NEW YORK -- Sean Manaea's performance in the Bronx on Friday evening was just as much exceptional as it was meaningful.
Manaea, winner of a 4-1 ballgame, wasn't even supposed to start the series opener against the Yankees. That task was for Kendall Graveman, who was scratched with shoulder soreness, the same injury that put him on the disabled list in April. Graveman is expected to go on the DL again soon. So is Jesse Hahn.
And so it goes for the A's, who have seen every member of their current rotation not named Andrew Triggs hit the DL at some point during the first eight weeks of play.
Manaea missed more than two of those weeks with a shoulder strain, and even when healthy, he's struggled to find consistency. The lefty may be on to something, though, after putting together another solid outing -- the latest his best yet.
Working in rhythm opposite Yankees starter Masahiro Tanaka, who fanned a career-high 13 batters and allowed just one run over 7 1/3 innings, Manaea held his own, emerging as the victor with seven scoreless frames before the A's backed him with two runs in the eighth, and another two in the ninth.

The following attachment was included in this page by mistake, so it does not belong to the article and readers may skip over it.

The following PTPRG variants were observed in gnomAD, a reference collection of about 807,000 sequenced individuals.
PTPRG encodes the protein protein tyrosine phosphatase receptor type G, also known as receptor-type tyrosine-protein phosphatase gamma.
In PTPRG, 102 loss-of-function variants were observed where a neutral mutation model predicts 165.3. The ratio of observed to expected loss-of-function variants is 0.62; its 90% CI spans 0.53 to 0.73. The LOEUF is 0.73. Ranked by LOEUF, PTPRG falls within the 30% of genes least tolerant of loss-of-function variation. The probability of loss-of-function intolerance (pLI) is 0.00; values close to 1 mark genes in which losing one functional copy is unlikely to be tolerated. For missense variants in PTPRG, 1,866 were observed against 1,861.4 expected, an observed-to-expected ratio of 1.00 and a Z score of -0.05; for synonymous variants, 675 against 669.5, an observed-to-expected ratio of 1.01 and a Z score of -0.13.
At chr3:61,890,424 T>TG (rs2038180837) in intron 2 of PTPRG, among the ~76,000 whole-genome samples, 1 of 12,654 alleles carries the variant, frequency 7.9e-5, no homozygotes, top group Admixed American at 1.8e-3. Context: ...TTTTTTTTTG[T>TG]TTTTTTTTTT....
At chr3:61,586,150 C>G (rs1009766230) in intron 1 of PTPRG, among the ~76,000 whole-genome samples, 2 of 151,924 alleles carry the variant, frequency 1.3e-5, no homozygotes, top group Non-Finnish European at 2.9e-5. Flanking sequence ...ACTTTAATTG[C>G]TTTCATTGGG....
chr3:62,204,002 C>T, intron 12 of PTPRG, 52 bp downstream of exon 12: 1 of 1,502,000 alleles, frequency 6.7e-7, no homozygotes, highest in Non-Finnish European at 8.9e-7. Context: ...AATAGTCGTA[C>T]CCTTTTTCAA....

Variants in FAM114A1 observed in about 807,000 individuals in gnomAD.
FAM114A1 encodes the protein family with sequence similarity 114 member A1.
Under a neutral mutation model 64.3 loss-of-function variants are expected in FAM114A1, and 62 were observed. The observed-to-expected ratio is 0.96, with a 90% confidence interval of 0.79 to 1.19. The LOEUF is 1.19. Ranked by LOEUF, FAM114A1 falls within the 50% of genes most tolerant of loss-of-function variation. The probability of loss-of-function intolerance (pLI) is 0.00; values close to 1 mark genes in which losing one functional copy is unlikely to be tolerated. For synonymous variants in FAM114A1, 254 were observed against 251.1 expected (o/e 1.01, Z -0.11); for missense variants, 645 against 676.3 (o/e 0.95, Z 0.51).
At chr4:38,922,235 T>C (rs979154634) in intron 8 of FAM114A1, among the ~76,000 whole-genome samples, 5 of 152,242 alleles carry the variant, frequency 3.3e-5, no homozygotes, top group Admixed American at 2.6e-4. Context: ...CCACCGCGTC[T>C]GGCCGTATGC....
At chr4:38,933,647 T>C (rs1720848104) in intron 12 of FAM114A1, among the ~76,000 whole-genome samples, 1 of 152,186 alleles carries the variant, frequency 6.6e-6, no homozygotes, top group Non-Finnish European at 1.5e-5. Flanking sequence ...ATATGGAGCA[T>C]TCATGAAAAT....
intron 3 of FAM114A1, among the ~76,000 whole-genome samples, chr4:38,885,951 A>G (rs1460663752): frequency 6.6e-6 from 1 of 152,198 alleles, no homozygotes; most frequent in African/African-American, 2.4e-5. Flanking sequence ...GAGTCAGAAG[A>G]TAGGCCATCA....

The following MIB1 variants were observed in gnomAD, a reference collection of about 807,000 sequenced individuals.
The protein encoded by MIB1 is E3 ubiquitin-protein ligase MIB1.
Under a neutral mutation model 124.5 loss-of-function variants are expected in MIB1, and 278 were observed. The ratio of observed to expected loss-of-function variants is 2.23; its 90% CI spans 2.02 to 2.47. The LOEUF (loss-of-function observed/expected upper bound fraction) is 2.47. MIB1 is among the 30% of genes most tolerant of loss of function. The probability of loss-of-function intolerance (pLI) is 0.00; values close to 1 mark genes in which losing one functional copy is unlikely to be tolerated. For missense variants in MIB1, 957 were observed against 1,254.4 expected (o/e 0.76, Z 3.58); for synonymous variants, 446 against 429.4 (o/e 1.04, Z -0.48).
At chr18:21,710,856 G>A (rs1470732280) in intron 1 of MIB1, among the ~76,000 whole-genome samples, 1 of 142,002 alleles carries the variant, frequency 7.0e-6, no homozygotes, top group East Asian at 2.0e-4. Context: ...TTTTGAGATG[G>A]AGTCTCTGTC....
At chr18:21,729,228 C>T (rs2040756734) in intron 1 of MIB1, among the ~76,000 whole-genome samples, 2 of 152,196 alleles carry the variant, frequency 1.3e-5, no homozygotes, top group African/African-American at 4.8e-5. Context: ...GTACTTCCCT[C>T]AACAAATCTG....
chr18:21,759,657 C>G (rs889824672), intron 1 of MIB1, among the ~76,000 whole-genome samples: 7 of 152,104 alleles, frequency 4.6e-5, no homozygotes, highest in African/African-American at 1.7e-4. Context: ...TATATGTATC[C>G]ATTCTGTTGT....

"He was out there chucking it," outfielder Khris Davis said. "He's got that Chris Sale stuff where people are swinging and missing in the zone. Every outing he's settled down quicker."
"He comes from different arm angles, and he had his stuff going tonight," the Yankees' Chase Headley said. "He had all three pitches going."
The young southpaw racked up a season-high eight strikeouts, walking just one and yielding four hits in the 106-pitch display, which marked the first time this year he was able to complete seven frames. Only twice before, in seven tries, had he even gotten through six.
"For a young guy, we've leaned on him pretty hard since he's gotten here, but now probably a little bit more so," A's manager Bob Melvin said, "and it's the first time he's been over 100 pitches, too."
Manaea's first four pitches of the game were balls, but the free pass was hardly foreshadowing. He struck out each of his next two batters and would strike out four of six at one point.
That he's only issued one walk over his last two starts combined, spanning 12 innings, is telling; Manaea had walked 17 in his first 29 1/3 innings.
"I've been trying to deal with that the whole season, and I was finally just done with it," he said. "In my head, after that first batter, I just had a different mentality. I was thinking that these guys weren't going to hit me at all, and I just needed to throw strikes."
Said Melvin: "When he's had some trouble, it's usually been in the first inning, and he walks his first guy on four pitches, and after that he was as good as we've seen him all year."
Outings like Friday's are paramount to the A's success while they wait out the injury bug.
"For him to step up, come out and throw the way he did, obviously Tanaka was some kind of outstanding, and Manaea matched him, and it was huge for us," catcher Stephen Vogt said. "He was pitching with a lot of confidence, and that's what I love to see. He wanted the ball, he wanted to go back out there, he kept fighting."